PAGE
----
The following is a review I posted on Goodreads recently.
I stumbled upon this book in my garage and took it with me hoping I had found something interesting. I was not disappointed. Leedskalnin was a fascinating man. I agreed with very little he wrote. He was a sexist and a fascist with uptight ideas about raising children. At times while reading this book I thought of the females I know who have been abused or bullied and felt a deep anger. This man lived a solitary and isolated life. His most unpleasant beliefs seem to be largely a product of limited human connection and powerful frustration. I cannot say that I truly dislike the man.
In fact some of the things the book has to say I find very agreeable. Leedskalnin argues that one should not believe things without evidence and that to do otherwise leads to weakness. He says that much ancient wisdom is untrue. He encourages hard work and careful thought. Pages are left blank so that the reader can make their own arguments see if they "can do better" than Leedskalnin. This willingness to test the world around him and be tested in return is in my opinion truly honorable.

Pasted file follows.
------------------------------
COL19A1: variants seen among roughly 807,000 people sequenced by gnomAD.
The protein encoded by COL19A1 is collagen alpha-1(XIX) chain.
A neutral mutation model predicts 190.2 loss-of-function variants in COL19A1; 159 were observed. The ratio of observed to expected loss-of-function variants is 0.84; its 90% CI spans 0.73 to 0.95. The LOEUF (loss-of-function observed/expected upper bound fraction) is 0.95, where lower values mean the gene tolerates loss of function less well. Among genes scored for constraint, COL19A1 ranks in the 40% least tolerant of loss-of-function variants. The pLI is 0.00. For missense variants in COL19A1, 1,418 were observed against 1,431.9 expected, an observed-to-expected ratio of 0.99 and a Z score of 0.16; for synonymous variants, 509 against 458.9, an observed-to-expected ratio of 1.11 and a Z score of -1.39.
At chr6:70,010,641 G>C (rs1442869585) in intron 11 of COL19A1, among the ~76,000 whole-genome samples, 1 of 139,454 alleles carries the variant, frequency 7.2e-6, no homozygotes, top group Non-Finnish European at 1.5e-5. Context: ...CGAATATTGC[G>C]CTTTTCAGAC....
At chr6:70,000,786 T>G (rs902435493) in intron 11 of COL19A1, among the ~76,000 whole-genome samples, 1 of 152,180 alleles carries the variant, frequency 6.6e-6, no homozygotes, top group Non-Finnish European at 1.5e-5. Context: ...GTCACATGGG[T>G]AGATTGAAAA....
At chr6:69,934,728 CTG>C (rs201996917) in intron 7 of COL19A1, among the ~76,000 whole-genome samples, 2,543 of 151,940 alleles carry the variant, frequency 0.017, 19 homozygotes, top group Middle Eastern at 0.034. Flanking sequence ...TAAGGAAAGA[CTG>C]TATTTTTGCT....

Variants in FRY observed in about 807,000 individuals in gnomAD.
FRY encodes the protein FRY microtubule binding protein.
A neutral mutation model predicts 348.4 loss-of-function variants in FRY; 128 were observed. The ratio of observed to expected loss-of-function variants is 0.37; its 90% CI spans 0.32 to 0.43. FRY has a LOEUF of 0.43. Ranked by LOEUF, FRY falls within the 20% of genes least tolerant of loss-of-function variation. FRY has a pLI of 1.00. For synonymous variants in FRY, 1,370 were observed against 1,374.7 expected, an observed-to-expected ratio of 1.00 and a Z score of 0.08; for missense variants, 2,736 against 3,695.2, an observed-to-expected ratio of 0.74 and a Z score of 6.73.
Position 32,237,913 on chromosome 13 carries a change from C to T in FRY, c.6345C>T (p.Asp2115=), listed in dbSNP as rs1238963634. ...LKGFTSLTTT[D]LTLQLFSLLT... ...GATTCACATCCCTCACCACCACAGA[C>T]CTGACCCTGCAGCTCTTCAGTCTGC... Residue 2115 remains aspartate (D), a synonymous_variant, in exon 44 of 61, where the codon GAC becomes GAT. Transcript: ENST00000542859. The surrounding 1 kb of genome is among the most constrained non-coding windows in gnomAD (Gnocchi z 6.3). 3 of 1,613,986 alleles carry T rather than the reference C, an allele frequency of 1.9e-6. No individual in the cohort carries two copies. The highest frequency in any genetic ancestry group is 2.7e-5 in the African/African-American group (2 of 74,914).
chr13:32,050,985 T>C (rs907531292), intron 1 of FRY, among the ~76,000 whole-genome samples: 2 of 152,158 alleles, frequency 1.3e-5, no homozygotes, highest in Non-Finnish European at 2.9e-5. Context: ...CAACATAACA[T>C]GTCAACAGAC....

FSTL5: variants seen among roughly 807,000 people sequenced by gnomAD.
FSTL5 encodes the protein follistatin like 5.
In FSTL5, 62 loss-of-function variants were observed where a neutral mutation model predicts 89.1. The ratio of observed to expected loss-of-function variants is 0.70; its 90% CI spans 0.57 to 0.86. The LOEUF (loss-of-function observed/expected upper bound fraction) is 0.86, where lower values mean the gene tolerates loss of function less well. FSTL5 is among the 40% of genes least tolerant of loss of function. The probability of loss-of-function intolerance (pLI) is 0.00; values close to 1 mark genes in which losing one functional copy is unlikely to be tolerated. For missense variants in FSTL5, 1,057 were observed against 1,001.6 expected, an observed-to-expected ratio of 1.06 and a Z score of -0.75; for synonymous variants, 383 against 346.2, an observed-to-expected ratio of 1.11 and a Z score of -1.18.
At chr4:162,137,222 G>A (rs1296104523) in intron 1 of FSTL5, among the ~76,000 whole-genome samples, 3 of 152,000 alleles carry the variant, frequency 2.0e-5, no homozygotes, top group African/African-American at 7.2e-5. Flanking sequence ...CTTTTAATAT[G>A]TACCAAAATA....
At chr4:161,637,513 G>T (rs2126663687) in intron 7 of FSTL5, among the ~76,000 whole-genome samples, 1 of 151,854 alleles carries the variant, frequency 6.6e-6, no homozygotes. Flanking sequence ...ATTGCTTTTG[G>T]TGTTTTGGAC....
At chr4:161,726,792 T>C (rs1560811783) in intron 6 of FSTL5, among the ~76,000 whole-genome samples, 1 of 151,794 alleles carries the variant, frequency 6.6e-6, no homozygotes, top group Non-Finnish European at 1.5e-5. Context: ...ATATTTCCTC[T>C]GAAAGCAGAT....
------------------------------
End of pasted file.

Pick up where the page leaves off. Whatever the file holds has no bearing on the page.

If you're interested in reading something old, filled with old fashioned and eccentric ideas, by a man who meets those descriptions to a t, this is the book for you.